You have found the proper resource for “roofing shingles – how to” details. Learning where to place the roofing nails accurately is crucial. Hundreds of fasteners are used on a standard roof, and improper installation can cause leaks. Here are seven suggestions to help you succeed.
Tip No. 1 for Installing Roofing Shingles Nails shouldn’t be set up too high.
The shingles include a horizontal “nail line” that shows you where to hammer the nails in. The line could be a painted guide or the spot where you’re supposed to hammer in the screws. It’s crucial to put your full attention on hitting that mark exactly. Nails driven too high risk tearing the shingle, skipping the course beneath, and preventing the shingles from setting flat. This can make them highly susceptible to damage from strong winds.
Roofing Shingles: Advice Number Two: You shouldn’t set them too low.
However, you don’t want your nails to be too short. Nails only half an inch below the nail line on some shingles will be visible. “Shiners” is the term for people like that. Over time, they may rust and develop leaks. Some producers have designed a new nailing zone higher up on the shingle to counteract these issues. However, it reduces wind resistance by ten mph, which is unacceptable. Simply hammering the nails into their proper holes is preferable.
Roofing Shingles: Advice Number Three Be Sure to Follow the Script!
Nail placement on the line is crucial, but you must also adhere to a specific horizontal nail pattern. If you use four nails per shingle, the pattern will differ from six. This horizontal position affords you more flexibility than the vertical one. However, there is still an essential principle to remember: Above the course, there shouldn’t be any nails within three inches of the seam. It’s not hard to install roof shingles if you follow the instructions on the packaging. But if you’re not careful, you might find nails in the course above where two shingles meet. That’s a familiar spot for a leak, but the nail’s often out of sight, making it challenging to locate.
Pay close attention to this when adjusting the length of the shingles so that a single one can cross the valley. It’s simple to hammer in the false nails. Before nailing, I like to draw out the upper course to anticipate where the nails and seams will be placed.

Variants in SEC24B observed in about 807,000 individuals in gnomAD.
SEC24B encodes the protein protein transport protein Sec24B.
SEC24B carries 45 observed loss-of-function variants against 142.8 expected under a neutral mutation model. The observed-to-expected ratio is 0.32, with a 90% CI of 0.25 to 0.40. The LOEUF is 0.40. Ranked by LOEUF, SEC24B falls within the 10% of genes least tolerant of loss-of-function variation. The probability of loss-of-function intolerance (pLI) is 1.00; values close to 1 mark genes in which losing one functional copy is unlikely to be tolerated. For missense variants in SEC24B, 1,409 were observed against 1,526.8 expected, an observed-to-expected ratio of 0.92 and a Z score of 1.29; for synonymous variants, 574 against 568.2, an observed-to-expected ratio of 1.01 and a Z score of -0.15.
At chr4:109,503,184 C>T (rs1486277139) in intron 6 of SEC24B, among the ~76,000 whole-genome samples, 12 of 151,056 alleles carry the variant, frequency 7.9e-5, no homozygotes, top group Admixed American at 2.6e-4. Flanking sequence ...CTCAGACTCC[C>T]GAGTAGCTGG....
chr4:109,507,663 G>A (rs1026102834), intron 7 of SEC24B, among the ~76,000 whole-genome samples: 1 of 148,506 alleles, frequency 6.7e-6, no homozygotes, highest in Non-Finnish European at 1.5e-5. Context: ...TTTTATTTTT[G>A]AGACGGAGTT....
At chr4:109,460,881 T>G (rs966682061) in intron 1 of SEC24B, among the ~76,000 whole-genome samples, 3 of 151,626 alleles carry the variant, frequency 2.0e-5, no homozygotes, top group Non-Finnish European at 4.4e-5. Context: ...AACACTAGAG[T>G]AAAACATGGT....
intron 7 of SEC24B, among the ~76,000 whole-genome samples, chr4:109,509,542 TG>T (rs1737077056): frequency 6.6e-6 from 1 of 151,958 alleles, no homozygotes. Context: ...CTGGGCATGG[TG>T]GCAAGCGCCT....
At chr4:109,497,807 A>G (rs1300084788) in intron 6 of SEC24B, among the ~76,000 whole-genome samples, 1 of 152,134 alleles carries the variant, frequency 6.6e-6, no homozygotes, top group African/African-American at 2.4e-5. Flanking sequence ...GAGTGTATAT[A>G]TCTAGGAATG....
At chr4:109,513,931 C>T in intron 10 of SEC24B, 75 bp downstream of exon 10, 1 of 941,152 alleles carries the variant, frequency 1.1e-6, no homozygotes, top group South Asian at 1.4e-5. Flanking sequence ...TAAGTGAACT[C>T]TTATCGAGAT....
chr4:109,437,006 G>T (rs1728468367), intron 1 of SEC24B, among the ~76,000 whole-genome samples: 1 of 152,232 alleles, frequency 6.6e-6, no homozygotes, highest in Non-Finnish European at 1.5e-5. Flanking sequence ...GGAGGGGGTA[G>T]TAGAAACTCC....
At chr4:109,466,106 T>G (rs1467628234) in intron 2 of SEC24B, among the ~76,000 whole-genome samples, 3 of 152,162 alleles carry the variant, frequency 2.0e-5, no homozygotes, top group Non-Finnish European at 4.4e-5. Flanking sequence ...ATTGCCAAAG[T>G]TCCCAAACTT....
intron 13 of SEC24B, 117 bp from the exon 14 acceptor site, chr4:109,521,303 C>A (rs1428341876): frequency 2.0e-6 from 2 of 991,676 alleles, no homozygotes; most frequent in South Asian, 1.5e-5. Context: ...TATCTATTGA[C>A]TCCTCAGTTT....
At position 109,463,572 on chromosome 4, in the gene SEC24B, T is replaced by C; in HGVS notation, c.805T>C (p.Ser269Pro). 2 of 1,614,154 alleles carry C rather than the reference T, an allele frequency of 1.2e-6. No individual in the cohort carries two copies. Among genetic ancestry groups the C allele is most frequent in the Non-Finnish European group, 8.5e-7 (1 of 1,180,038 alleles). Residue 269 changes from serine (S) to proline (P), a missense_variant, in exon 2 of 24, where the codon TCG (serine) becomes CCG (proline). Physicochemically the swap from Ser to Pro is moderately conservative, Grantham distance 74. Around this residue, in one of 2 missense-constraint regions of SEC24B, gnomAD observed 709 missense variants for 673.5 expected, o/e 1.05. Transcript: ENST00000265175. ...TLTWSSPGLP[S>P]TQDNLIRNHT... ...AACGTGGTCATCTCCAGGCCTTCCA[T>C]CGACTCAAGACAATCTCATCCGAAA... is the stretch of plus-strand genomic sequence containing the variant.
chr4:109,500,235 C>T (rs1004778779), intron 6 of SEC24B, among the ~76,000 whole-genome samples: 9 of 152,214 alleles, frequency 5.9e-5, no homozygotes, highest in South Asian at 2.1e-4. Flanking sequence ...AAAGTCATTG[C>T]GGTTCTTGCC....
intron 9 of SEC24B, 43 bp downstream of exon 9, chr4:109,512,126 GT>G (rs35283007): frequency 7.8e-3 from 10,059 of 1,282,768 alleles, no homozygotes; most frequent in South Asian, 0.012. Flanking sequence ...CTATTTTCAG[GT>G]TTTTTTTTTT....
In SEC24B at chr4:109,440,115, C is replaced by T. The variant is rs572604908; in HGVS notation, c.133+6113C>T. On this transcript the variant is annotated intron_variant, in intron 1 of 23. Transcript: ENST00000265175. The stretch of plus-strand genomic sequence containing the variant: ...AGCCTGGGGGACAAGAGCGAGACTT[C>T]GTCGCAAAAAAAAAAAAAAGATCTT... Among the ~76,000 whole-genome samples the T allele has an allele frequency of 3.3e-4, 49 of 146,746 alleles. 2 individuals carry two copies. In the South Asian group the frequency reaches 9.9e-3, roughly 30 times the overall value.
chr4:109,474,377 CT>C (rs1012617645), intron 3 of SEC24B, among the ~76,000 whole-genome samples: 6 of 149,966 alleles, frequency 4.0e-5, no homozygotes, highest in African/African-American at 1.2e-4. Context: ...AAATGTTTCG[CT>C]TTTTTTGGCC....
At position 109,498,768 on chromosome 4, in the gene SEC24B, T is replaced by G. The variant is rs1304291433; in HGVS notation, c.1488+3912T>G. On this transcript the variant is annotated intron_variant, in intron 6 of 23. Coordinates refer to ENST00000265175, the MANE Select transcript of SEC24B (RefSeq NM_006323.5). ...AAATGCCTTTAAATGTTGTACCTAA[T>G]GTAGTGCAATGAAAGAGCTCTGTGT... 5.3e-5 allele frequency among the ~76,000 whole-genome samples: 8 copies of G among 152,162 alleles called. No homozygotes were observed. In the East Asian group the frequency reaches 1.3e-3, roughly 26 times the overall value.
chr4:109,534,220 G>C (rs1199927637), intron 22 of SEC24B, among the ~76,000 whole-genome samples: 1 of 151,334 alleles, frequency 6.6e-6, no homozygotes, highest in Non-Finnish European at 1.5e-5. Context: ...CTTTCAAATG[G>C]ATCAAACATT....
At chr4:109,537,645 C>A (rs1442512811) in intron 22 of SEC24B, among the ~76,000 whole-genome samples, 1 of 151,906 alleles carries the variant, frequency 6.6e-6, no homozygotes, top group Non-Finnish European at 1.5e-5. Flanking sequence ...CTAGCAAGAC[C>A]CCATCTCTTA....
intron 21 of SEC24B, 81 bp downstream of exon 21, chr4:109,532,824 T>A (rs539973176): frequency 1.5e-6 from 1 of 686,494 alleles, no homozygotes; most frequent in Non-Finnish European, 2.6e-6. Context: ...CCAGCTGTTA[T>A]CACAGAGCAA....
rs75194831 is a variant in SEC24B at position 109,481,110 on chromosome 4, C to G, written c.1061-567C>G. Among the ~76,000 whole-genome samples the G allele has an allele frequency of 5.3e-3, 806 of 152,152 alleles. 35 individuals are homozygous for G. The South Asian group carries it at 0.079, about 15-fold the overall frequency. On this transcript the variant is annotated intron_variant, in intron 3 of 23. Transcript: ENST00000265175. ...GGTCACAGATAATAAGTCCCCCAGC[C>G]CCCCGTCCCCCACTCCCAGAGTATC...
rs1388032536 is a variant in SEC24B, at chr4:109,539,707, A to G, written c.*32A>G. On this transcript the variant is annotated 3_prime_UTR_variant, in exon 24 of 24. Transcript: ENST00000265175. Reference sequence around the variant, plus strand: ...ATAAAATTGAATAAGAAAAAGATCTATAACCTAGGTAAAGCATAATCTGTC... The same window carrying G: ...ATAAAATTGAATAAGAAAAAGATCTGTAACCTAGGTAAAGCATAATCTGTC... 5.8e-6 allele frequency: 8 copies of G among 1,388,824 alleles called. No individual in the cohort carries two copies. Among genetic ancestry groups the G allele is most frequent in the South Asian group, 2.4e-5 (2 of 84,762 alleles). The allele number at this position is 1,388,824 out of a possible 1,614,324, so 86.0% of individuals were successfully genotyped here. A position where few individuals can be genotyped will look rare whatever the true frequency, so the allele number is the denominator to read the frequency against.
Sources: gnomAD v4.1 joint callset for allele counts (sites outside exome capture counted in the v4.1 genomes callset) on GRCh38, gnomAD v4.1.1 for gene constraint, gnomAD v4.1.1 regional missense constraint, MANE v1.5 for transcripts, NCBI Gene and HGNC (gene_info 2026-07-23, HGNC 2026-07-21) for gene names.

Tip #4: Drive Those Nails Into The Shingles Flush!
Once determined where to work, you can set your nail gun and air compressor to drive the nails completely flat with the shingle surface. They must not be tearing all the way through or protruding. The shingles may soften as the day progresses, requiring you to release the pressure. You may need to apply extra force when installing roof over and caps. You should use a hammer to seat any nails protruding too far instantly. If not, they become “nail pops” that eventually poke through the shingles and cause leaks.
Do not nail into the flashings when installing roofing shingles.
Flashings have a flange attached to the roof as you shingle around roof penetrations like vents, skylights, chimneys, and other similar features. The flange is usually between three and five inches broad, and nails are placed around every six inches along the outer edge. Keep your nails at least six inches away from these openings when installing shingles around them. That will aid in sealing the nail holes and preventing water leakage. No nails or screws will be needed to secure the shingles around the vent because they will all be embedded in flashing cement.
Tip #6: Don’t Hammer Nails Into the Valleys When Installing Roofing Shingles.
Valleys require the most careful nail placement of any surface. Like a giant funnel, the valley helps to shed a lot of water off the roof. Some of it seeps under the roof, which might cause a leak if it comes in contact with a nail. The valley is an exception to the regular nailing pattern used elsewhere on the roof. Instead, it’s recommended that no shingle nails be placed closer than 12 inches to the valley’s precise center. Again, the shingles will be secured without nails since they will be placed in flashing cement.
Use screws instead of nails for installing roofing shingles (Hint #7).
Last but not least, never use roofing nails while putting up aluminum ridge vents. To start, they corrode and begin to leak after a while. When nailed into place, ridge vents are prone to coming free due to the constant buffeting they receive from the wind. That means wind-driven rain can get under the openings. I’ve used metal nails with a spiral shank to secure the vents for several years. Those were more effective, but I discovered that in robust winds, even they could become dislodged. Use wood screws that won’t rust and grommeted washers that will keep moisture out. The grommets keep them in place, the shield keeps the sun off of them, and the grommets seal the hole.
There is much more to the “roofing shingles how to” curriculum. Visit http://www.roofingsecrets.com for information that will streamline your work and help you avoid costly errors.
For anyone interested in roofing, John C. Bishop has written “Roofing Secrets: How to Avoid Leaks and Save Thousands of Dollars!”